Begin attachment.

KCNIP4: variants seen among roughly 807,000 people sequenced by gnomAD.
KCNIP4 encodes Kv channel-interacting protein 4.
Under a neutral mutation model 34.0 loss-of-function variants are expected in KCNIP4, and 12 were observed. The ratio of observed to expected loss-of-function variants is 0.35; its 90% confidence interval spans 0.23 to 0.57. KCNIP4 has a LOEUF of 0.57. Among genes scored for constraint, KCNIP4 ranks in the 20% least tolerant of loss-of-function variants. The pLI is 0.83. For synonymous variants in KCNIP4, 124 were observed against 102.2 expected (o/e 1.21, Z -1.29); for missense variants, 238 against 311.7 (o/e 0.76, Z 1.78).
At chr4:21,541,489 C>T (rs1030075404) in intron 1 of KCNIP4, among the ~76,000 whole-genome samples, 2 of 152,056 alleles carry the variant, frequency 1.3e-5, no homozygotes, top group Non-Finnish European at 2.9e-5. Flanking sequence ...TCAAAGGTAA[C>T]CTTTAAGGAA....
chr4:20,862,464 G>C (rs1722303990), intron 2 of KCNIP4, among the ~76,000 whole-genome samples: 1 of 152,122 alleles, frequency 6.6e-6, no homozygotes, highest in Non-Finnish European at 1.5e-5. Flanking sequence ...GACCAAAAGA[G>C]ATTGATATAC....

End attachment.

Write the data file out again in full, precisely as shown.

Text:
KCNIP4: variants seen among roughly 807,000 people sequenced by gnomAD.
KCNIP4 encodes Kv channel-interacting protein 4.
Under a neutral mutation model 34.0 loss-of-function variants are expected in KCNIP4, and 12 were observed. The ratio of observed to expected loss-of-function variants is 0.35; its 90% confidence interval spans 0.23 to 0.57. KCNIP4 has a LOEUF of 0.57. Among genes scored for constraint, KCNIP4 ranks in the 20% least tolerant of loss-of-function variants. The pLI is 0.83. For synonymous variants in KCNIP4, 124 were observed against 102.2 expected (o/e 1.21, Z -1.29); for missense variants, 238 against 311.7 (o/e 0.76, Z 1.78).
At chr4:21,541,489 C>T (rs1030075404) in intron 1 of KCNIP4, among the ~76,000 whole-genome samples, 2 of 152,056 alleles carry the variant, frequency 1.3e-5, no homozygotes, top group Non-Finnish European at 2.9e-5. Flanking sequence ...TCAAAGGTAA[C>T]CTTTAAGGAA....
chr4:20,862,464 G>C (rs1722303990), intron 2 of KCNIP4, among the ~76,000 whole-genome samples: 1 of 152,122 alleles, frequency 6.6e-6, no homozygotes, highest in Non-Finnish European at 1.5e-5. Flanking sequence ...GACCAAAAGA[G>C]ATTGATATAC....